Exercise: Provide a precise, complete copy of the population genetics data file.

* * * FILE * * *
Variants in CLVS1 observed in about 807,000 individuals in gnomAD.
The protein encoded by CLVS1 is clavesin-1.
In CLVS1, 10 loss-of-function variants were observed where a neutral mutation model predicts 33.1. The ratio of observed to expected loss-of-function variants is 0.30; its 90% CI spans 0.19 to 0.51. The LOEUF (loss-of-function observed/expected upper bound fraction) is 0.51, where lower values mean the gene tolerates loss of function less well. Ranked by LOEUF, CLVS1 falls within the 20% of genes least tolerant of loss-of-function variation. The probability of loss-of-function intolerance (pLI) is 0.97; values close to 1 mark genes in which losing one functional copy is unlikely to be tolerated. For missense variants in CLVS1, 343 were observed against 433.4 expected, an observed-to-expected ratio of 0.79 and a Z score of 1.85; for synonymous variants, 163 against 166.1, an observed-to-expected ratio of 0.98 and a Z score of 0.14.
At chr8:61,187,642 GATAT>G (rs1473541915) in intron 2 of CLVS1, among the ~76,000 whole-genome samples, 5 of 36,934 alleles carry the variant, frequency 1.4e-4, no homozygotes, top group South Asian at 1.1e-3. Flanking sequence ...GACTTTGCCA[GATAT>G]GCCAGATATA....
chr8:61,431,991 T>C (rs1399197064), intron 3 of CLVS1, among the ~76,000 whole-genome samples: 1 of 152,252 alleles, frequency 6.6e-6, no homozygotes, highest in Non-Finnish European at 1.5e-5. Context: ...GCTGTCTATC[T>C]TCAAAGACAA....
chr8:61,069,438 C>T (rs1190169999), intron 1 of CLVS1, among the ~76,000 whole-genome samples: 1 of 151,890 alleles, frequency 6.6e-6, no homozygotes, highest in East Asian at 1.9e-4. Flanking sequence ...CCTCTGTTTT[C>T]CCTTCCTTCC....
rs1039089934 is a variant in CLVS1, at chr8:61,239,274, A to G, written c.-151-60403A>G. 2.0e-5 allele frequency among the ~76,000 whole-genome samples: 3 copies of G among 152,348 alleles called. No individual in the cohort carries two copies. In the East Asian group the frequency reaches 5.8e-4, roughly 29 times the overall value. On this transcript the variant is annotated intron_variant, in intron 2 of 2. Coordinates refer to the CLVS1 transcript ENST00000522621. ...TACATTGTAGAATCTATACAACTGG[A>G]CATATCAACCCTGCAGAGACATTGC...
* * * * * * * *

Variants in CLVS1 observed in about 807,000 individuals in gnomAD.
The protein encoded by CLVS1 is clavesin-1.
In CLVS1, 10 loss-of-function variants were observed where a neutral mutation model predicts 33.1. The ratio of observed to expected loss-of-function variants is 0.30; its 90% CI spans 0.19 to 0.51. The LOEUF (loss-of-function observed/expected upper bound fraction) is 0.51, where lower values mean the gene tolerates loss of function less well. Ranked by LOEUF, CLVS1 falls within the 20% of genes least tolerant of loss-of-function variation. The probability of loss-of-function intolerance (pLI) is 0.97; values close to 1 mark genes in which losing one functional copy is unlikely to be tolerated. For missense variants in CLVS1, 343 were observed against 433.4 expected, an observed-to-expected ratio of 0.79 and a Z score of 1.85; for synonymous variants, 163 against 166.1, an observed-to-expected ratio of 0.98 and a Z score of 0.14.
At chr8:61,187,642 GATAT>G (rs1473541915) in intron 2 of CLVS1, among the ~76,000 whole-genome samples, 5 of 36,934 alleles carry the variant, frequency 1.4e-4, no homozygotes, top group South Asian at 1.1e-3. Flanking sequence ...GACTTTGCCA[GATAT>G]GCCAGATATA....
chr8:61,431,991 T>C (rs1399197064), intron 3 of CLVS1, among the ~76,000 whole-genome samples: 1 of 152,252 alleles, frequency 6.6e-6, no homozygotes, highest in Non-Finnish European at 1.5e-5. Context: ...GCTGTCTATC[T>C]TCAAAGACAA....
chr8:61,069,438 C>T (rs1190169999), intron 1 of CLVS1, among the ~76,000 whole-genome samples: 1 of 151,890 alleles, frequency 6.6e-6, no homozygotes, highest in East Asian at 1.9e-4. Flanking sequence ...CCTCTGTTTT[C>T]CCTTCCTTCC....
rs1039089934 is a variant in CLVS1, at chr8:61,239,274, A to G, written c.-151-60403A>G. 2.0e-5 allele frequency among the ~76,000 whole-genome samples: 3 copies of G among 152,348 alleles called. No individual in the cohort carries two copies. In the East Asian group the frequency reaches 5.8e-4, roughly 29 times the overall value. On this transcript the variant is annotated intron_variant, in intron 2 of 2. Coordinates refer to the CLVS1 transcript ENST00000522621. ...TACATTGTAGAATCTATACAACTGG[A>G]CATATCAACCCTGCAGAGACATTGC...